Even those who stayed within the bounds of the ship were, in a range of ways, affected by the sea itself. As we have noted above, it is the specific dangers presented by the sea—those of shipwreck and drowning—that require the creation of such pronounced hierarchies on board ships; and the sense of disorientation suffered by those who take to sea, we have argued, is created not only by distance from any built environment (as would also be the case in, for example, the desert), but also by the instability generated by water’s molecular structure. Fuller attention to the sea as a material substance can extend the horizons of maritime studies. ‘The time has come’, wrote Helen Rozwadowski in 2012, ‘for scholars in the humanities to try to understand that the ocean is not only […] a stage for the events of human history, but rather a complex and changing natural environment that is inextricably connected to, and influenced by, people’.Footnote 72 The interdependence of humans and oceans takes several forms. Powered by the burning of fossil fuels, ships crossing the oceans indirectly change the chemical composition of the oceans they cross and, in turn, affect creatures for whom the oceans are home; and, like sail-driven vessels, they transport on hulls or as ballast organisms which, deposited in another part of the ocean, reshape local ecosystems. Equally, and as we have begun to suggest, interactions with the sea affect human bodies, personalities, and language.

These interactions might be helpfully theorized by recent work in the new materialism that stresses the ‘entanglements’ of humans and nonhumans, steering us away from the dangerous shoals of human exceptionalism by urging us to think in terms of ‘collectives’ and ‘assemblages’ that include animals, as well as other ‘things’ or ‘objects’ granted agency.Footnote 73 Maritime studies has always, in fact, been alert to the role of nonhuman entities (such as currents and winds) in forging human history, and it also pays careful attention to machines—that is, ships—that are understood to have personalities and desires of their own; and to some extent, Rozwadowski’s call for greater attention in maritime history to oceans as environments (rather than merely surfaces to be crossed) has been heard over the past decade.Footnote 74 But there remains scope, we would suggest, for maritime studies to bring into even greater focus the ocean’s material presence. If we are to think really seriously about what happens to humans at sea, then we must treat the ship not simply as one place moving between other, static, places, but rather as one in dynamic relationship with an ocean whose material structure and inhabitants have the capacity, in various ways, to shape the outcomes and the experiences of voyages.Footnote 75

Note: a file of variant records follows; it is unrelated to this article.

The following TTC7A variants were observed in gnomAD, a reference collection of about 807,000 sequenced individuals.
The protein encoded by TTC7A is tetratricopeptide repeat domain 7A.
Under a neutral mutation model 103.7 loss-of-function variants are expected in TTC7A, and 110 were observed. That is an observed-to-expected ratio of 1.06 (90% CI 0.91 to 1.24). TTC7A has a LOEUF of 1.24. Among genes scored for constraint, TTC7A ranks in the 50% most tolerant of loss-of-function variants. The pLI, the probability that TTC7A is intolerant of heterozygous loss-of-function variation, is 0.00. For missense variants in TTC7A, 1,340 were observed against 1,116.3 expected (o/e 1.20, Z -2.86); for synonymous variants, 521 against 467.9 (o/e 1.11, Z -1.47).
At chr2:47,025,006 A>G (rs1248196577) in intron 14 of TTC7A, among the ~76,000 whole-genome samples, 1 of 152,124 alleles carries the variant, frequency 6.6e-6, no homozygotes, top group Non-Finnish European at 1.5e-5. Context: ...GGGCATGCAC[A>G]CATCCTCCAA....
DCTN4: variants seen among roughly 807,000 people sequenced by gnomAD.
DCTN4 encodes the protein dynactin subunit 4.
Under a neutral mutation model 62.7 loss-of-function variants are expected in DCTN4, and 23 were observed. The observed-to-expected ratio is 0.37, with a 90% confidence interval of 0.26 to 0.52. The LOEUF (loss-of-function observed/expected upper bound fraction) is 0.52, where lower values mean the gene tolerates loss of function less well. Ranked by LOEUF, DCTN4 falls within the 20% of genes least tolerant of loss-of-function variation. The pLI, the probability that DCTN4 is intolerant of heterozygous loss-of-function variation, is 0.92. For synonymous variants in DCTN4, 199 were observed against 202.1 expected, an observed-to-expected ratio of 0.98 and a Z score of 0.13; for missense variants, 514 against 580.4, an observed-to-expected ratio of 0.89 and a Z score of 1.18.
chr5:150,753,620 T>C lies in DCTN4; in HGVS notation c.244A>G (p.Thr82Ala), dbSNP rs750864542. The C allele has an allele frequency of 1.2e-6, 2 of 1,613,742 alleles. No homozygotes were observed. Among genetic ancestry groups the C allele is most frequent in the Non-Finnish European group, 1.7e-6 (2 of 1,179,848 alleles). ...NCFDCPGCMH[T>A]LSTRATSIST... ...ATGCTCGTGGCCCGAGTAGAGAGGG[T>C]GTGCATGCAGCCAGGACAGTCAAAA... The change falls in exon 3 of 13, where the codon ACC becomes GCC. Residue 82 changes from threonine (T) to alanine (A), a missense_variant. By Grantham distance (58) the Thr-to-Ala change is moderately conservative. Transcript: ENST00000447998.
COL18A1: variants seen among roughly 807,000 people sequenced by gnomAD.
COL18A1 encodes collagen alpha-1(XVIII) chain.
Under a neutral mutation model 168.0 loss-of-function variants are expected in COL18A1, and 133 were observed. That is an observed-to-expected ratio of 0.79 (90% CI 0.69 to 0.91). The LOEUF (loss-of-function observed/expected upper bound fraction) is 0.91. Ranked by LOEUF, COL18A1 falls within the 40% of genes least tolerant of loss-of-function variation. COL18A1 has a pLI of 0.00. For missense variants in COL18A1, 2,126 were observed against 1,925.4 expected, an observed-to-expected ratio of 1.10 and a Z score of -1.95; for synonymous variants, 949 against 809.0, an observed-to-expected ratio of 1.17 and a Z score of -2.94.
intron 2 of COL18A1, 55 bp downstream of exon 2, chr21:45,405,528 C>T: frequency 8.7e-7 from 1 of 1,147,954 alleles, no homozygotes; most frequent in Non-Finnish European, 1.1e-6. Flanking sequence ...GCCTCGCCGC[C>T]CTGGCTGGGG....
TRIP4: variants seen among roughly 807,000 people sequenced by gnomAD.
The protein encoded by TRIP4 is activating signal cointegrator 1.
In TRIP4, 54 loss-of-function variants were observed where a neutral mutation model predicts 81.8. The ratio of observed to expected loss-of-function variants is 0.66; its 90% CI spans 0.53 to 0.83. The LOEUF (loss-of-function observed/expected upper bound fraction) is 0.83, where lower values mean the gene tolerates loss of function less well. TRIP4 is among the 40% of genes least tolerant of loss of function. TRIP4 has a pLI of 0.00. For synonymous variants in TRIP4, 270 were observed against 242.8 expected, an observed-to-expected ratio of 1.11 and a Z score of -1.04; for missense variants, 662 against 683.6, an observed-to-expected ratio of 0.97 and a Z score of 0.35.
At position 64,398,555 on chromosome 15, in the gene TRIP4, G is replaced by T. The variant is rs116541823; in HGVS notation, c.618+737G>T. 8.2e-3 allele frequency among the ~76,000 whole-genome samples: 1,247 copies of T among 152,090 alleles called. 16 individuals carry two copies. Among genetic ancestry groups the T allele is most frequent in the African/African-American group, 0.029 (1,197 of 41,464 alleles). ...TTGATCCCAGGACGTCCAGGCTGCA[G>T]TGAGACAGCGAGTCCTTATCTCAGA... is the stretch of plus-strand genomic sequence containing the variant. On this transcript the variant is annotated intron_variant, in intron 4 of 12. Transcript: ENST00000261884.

Enhanced awareness of the sea as element can be achieved, in part, through attention to shipboard literary cultures. Phenomena like the stain in Beck’s diary are reminders of the sea as a specific environment; like grains of sand found in a book read on a beach several years previously, they are markers of place-specific cultural activity. Even if most of the sea-stains with which the following pages deal are metaphorical rather than literal, several of our contributors are concerned with how the shipboard literary cultures on which they focus were affected by seas of different kinds and by their associated climates and inhabitants. We might, in fact, at least in some instances consider literary practices as a means of trying to forget the frightening element that surrounded seafarers—that is, as a deliberate act of hydrophasia. At the beginning of the twentieth century, Calvin Winter advised against including any ‘books of the sea’ in ships’ libraries on passenger steamers, as ‘Travellers who are not good sailors read for the purpose of forgetting where they are’.Footnote 76 Of course, forgetting or ignoring one’s surroundings is impossible for some kinds of professional seafarer, most obviously those involved in the fisheries. But even Richard Henry Dana, Jr., a sailor who needed to know the ways of the sea and to measure its depths, was aware that to reflect too precisely on deep water itself was to risk becoming paralysed by fear and abhorrence:

There is something in the first gray streaks stretching along the eastern horizon and throwing an indistinct light upon the face of the deep, which combines with the boundlessness and unknown depth of the sea around, and gives one a feeling of loneliness, of dread, and of melancholy foreboding, which nothing else in nature can. This gradually passes away as the light grows brighter, and when the sun comes up, the ordinary monotonous sea day begins.Footnote 77